CURRENT economic challenges are threatening the management of sexually transmitted infections in Zimbabwe, National Aids Council Mashonaland East Provincial Manager, Dr Wifred Dube has said.
Speaking to journalists in Macheke, a farming settlement about 105 kilometres south-east of the capital Harare on Tuesday, Dr Dube said Mashonaland East Province was grappling with Sexually Transmitted Infections, STIs, but rural clinics do not have enough drugs for treatment.
“The quality of treatment in rural clinics is compromised due to shortage of drugs. Most of the time when people go for treatment at clinics, they will only get one drug out of the required combinations.
Dr Dube noted that the province, because of this challenge, continues to record a higher number of repeat STI cases.
He said the province has also strengthened HIV prevention programmes in farming communities where HIV cases are high.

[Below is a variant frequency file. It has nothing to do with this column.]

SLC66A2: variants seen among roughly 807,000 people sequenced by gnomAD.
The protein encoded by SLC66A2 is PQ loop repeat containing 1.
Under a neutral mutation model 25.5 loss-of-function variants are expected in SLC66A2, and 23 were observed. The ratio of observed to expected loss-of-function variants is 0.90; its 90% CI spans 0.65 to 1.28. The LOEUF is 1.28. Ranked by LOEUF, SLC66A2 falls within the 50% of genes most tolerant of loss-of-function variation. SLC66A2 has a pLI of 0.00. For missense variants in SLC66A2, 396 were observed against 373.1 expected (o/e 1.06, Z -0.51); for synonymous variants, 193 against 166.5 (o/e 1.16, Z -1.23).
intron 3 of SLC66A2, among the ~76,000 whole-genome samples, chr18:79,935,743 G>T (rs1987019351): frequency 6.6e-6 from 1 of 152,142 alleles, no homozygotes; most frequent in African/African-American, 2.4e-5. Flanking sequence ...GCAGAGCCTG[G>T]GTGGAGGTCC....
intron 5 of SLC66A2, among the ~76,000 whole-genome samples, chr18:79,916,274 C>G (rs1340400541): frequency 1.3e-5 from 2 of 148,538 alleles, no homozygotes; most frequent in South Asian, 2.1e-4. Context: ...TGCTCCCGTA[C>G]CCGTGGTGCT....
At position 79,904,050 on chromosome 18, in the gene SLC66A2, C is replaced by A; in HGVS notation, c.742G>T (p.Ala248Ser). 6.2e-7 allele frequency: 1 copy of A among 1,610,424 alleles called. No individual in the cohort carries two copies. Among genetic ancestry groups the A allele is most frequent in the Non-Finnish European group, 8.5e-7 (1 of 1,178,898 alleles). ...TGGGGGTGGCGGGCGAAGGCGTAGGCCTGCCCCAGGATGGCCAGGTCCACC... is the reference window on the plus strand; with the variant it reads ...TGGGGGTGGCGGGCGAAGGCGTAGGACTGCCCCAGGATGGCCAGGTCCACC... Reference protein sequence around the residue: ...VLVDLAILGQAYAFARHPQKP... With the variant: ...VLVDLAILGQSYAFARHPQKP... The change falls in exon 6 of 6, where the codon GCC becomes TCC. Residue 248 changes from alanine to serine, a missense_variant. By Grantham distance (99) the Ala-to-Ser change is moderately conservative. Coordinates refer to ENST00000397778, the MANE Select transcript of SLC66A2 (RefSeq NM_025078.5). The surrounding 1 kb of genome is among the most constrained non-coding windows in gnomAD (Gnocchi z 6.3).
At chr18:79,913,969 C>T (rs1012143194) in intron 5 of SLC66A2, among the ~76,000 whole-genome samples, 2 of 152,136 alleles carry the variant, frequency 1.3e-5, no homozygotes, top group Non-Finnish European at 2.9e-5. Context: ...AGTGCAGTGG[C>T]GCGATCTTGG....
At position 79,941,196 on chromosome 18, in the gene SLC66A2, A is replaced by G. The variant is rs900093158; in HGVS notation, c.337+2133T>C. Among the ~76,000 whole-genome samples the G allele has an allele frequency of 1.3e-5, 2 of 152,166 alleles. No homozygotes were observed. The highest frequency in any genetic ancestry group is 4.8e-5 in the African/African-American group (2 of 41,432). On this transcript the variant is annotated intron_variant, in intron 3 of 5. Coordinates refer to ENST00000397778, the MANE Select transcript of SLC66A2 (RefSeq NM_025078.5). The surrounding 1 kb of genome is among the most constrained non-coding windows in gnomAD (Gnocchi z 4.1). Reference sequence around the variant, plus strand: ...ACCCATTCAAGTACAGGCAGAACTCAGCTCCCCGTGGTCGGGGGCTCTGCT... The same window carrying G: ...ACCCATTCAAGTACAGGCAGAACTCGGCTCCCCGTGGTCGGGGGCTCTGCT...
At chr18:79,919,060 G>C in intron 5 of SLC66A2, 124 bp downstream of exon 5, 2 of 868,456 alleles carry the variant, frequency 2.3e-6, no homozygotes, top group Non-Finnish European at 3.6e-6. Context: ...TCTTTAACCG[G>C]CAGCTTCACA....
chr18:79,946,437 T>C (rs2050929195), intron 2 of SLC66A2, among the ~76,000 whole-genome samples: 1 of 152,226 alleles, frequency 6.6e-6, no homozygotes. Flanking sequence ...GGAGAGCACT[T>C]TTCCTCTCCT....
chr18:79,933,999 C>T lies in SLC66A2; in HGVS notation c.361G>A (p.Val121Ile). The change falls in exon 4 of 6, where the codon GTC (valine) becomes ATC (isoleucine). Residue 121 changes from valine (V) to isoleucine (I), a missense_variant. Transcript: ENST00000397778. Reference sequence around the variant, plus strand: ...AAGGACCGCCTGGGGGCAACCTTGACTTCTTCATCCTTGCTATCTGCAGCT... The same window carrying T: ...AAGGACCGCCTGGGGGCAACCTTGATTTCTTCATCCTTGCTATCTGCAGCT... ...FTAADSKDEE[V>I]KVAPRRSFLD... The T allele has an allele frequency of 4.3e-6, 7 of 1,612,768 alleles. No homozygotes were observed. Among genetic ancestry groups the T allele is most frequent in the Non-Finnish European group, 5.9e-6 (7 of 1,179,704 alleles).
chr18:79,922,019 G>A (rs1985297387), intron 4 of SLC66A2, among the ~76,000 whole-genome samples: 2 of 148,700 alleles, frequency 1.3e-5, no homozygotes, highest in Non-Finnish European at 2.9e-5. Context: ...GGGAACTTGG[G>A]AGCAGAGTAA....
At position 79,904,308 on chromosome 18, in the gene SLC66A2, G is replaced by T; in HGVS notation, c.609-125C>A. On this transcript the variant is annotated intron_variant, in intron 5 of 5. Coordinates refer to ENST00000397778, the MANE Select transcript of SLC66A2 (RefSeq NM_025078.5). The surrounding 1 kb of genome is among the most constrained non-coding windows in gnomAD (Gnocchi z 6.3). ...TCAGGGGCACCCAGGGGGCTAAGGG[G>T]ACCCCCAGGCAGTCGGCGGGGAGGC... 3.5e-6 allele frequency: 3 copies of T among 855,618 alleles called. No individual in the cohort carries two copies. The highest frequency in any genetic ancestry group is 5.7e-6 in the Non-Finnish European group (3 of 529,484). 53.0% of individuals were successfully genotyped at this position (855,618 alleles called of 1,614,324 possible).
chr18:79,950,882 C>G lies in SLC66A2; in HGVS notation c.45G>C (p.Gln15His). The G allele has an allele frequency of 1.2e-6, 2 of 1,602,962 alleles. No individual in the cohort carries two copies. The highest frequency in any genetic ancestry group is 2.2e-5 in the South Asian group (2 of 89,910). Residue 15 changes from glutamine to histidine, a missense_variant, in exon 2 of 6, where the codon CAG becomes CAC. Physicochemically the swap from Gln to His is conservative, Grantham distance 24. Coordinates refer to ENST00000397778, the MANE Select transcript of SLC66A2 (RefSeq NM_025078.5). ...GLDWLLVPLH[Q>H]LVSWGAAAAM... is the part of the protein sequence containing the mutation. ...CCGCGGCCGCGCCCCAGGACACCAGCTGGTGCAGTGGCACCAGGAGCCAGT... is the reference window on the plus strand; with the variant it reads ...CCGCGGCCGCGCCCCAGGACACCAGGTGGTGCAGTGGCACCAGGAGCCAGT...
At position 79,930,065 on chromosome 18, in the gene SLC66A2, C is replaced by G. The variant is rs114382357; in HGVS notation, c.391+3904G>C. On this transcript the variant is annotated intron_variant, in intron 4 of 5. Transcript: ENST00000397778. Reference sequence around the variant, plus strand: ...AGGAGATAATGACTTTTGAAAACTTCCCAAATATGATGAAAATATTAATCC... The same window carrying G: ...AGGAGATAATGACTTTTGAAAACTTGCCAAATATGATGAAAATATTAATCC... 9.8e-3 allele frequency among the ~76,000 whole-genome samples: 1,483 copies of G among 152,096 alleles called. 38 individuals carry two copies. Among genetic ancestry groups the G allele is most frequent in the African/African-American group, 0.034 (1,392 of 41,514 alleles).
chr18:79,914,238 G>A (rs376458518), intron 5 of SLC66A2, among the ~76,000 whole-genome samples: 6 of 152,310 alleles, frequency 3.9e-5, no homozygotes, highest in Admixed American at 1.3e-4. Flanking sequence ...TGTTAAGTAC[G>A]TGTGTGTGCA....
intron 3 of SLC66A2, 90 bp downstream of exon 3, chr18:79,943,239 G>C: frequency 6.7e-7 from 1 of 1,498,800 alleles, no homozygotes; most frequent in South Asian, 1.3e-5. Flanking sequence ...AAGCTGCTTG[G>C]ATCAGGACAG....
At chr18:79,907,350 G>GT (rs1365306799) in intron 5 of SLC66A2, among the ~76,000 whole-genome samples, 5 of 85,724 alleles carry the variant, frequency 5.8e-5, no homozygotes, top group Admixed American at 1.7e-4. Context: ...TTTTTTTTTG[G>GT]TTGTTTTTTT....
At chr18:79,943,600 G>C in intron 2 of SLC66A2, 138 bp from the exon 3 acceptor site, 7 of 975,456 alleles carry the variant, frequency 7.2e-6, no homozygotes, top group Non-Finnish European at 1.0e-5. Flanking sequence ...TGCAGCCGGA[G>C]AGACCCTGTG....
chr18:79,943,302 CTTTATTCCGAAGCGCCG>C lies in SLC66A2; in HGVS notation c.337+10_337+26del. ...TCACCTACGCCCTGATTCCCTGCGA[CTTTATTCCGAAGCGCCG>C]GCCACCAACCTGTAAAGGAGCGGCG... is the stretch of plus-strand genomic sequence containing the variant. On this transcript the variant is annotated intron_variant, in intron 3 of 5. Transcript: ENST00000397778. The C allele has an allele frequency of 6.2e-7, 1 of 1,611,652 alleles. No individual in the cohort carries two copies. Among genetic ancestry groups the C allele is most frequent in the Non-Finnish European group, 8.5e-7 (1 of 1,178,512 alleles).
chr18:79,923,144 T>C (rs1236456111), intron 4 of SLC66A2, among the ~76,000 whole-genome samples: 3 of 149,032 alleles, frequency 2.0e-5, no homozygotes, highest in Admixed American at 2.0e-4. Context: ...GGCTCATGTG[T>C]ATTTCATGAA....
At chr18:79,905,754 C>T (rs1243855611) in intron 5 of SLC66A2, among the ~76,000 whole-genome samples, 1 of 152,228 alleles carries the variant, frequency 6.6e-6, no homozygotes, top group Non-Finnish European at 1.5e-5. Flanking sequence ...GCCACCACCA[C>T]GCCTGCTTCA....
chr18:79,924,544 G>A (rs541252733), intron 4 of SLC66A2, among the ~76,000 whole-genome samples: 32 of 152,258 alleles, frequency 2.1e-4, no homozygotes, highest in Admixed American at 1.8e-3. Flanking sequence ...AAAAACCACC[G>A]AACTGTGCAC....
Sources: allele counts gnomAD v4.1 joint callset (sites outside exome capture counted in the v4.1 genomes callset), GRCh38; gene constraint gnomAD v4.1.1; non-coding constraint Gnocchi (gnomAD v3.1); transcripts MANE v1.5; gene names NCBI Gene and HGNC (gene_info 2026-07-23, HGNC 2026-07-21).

“Research has shown us that positivity rate is higher in farming communities, hence our strengthening of HIV prevention programmes in such communities.”
Mashonaland East province has expanded moonlight HIV testing and counselling services through the use of mobile night clinics to get communities tested for HIV.
“We have communities such as sex workers, truck drivers and even some men who do not want to be seen at clinics during the day.
“Such communities are the reason why we came up with the moonlight testing concept. We usually set up the mobile clinics at shopping centers and these have had a good uptake as the clients enjoy the cover of darkness to get services.
“Clients also find the services convenient as this saves time of going to normal clinics. “We need more people to get tested so that we can have 90 percent of the population knowing their status by 2020.”
Zimbabwe adopted the United Nations’ 90-90-90 targets to help end Aids as a public health threat by 2020.
The 90-90-90 targets call on countries to ensure that by 2020 at least 90 percent of all people living with HIV know their HIV status, 90 percent of all people who are living with HIV and know their status are put on treatment, and 90 percent of people on treatment have the virus in their bodies suppressed.